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Flashcards in Electrotherapy Deck (59)
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Is the cellular membrane potential positive or negative?


negative, until an action potential occurs



Define refractory period:

Period immediately after a nerve impulse where another impulse cannot be generated; absolute period - none can occur; relative refractory period - a higher than normal stimulus can trigger an impulse


What is salutory / jumping conduction?

On a myelinated nerve the impulse jumps between gaps (nodes of ranvier) making it faster and more efficient


avg conduction velocity for myelinated and unmyelinated?

myelinated ~130 m/s vs unmyelinated ~.5 m/s


What is an ion:

an atom or a group of atom that has a net electrical charge


What is ionization:

process of changing the electrically neutral states of an atom


What is an electrical current?


Atoms with valence shells that are almost full relate to conductivity how?

These are stable and are called insulators which impedes electron movement such as apidose tissue


Atoms with valence shells that only have one or two electrons relate to conductivity how?

These readily relenquish their atoms and are conductors which readily permit electron movement, such as metal


Clinically therapeutic intensities should not exceed what amperage?

80-100 mA


What is electromotive force?

1 volt is the electromotive force required to move 1 amp of current through a resistance of 1 ohm


What role does voltage play in nerve cell membrane depolarization?

An adequate number of electrons must be forced to move through conductive tissues.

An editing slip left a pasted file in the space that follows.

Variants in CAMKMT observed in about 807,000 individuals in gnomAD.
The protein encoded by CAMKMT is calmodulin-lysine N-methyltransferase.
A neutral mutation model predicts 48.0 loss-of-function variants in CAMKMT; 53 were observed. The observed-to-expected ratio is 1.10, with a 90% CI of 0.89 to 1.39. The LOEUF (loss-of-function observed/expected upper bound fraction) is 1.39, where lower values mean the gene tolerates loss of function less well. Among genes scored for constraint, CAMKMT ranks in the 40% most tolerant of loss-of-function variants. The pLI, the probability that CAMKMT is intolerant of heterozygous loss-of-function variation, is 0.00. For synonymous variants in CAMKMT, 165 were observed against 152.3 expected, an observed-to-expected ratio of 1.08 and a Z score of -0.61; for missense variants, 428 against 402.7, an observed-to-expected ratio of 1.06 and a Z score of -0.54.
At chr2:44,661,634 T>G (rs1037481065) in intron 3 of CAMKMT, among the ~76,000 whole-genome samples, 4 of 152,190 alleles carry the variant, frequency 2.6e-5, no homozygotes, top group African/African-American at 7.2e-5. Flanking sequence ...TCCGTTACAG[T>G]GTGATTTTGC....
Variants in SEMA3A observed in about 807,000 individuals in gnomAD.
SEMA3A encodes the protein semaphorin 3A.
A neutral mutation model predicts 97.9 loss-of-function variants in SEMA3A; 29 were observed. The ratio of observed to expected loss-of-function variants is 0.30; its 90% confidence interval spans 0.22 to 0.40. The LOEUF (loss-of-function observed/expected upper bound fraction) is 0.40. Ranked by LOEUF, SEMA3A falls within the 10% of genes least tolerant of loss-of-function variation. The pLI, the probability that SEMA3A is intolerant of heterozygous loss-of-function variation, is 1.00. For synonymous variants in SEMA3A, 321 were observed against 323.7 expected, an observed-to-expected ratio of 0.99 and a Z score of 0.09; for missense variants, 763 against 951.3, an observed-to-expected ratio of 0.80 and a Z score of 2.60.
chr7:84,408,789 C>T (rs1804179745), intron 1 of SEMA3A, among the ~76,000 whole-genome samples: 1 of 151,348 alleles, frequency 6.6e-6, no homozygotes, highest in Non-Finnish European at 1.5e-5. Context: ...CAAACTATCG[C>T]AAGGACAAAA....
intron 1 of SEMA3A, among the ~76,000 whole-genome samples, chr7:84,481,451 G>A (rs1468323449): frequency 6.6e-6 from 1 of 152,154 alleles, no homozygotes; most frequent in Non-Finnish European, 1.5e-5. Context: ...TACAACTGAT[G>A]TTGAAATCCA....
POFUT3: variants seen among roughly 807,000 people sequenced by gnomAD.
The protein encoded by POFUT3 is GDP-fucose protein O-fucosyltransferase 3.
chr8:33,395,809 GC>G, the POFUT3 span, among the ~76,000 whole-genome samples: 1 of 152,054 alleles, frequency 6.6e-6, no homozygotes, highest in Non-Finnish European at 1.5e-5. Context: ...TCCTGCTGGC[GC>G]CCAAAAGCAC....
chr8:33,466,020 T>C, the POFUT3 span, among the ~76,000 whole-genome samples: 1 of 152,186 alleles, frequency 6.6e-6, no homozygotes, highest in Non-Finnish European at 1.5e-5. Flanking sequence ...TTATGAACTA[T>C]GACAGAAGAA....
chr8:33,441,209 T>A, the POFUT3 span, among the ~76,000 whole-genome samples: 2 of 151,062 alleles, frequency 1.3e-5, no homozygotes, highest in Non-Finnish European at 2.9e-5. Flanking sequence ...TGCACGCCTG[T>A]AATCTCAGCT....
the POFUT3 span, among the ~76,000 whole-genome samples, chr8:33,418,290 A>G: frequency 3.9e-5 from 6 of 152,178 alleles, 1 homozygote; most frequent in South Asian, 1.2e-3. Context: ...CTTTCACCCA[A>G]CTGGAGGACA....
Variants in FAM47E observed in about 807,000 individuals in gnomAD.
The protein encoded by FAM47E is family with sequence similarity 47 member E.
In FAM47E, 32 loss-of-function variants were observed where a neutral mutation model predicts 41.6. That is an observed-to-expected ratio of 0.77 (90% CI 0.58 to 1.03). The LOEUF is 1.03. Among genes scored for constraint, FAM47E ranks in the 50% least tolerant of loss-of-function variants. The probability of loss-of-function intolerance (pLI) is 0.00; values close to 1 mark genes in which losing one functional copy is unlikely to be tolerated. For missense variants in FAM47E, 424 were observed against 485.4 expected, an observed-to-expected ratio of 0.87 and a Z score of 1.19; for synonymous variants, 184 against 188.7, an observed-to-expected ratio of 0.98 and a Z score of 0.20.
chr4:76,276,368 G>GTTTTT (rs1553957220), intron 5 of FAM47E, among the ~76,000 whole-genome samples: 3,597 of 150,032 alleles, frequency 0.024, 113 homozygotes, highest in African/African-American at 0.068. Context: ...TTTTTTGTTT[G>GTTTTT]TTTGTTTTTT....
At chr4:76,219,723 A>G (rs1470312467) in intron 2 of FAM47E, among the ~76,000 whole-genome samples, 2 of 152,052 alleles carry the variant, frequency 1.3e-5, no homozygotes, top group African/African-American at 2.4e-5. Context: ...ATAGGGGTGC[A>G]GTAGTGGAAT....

How does Ohm's law express the relationship between current, voltage, and resistance?

V=IR; when resistance increases, current decreases; when resistance decreases, current increases; when voltage decreases, current decreases; when voltage increases, current increases; when voltage is zero, current is zeo


what properties of a material tend to make it resist electrical currents?

conductors have low resistance, whereas insulators have high resistance. The actual resistance of a material is determined by the formula R(resistance) = P (resistivity = length of material / cross section)


Greater cross sectional effects resistance how?

decreases resistance


Increased temperature changes resistance and conductivity how?

decreased resistance and increased conductivity


If the resistor is longer what happens to resistance?

it is increased


Factors that increase skin impedance?

cooler skin temperature, electrode type/surface factors, hair and old present, increased skin dryness, increased skin thickness


Factors that decrease skin impedance?

increasing electrode surface, removing excess hair, warming skin, washing skin


What criteria is used to describe direct current?

DC is flow of electrons in one direction for >1 second. Flow is unidirectional, polarity is constant, current produces a twitch response only at the time of make


Direct currents produce polar effects. what polar effects produced by the anode (positive)?

hyperpolarizes nerve fibers, repels bases, hardens tissues, stops hemorrhage, sedates and calms, reduces pain in acute situations


Direct currents produce polar effects. what polar effects produced by the cathode (negative)?

depolarizes nerve fibers, attracts bases, softens tissues, increases hemorrhage, stimulates, reduces pain in chronic situations


What are the criteria used to describe alternating current (AC)?

The magnitude of flow of electrons changes, the direction of flow reverses, there are no polar effects, constantly flucuates


List the typical frequencies (change of currents, if applicable) used in therapeutic applications)

Frequency (Hz): 0 = direct current, 0-1000 = low frequency, 1000-100000 = medium frequency, 100000+ = high frequency


Does medium-frequency stimulation differ from low frequency stimulation in terms of skin resistance (capacitive impedance)

yes, capacitance impedance decreases as the frequency increases


Describe key attributes of interferential currents (IFC):


- two separate force generators that vary in relation to one another in amplitude and/or frequency, the difference of the two frequencies bcreases a beat frequency which is felt by the patient



What is the frequency for a twitch contraction?

1-10 Hz


What is the frequency for a tetantic contraction?

>30 Hz


What is the frequency for a nonfatiguing tetanic contraction?

30-70 Hz


What is the frequency for a fatiguing tetanic contraction?

100-1000 Hz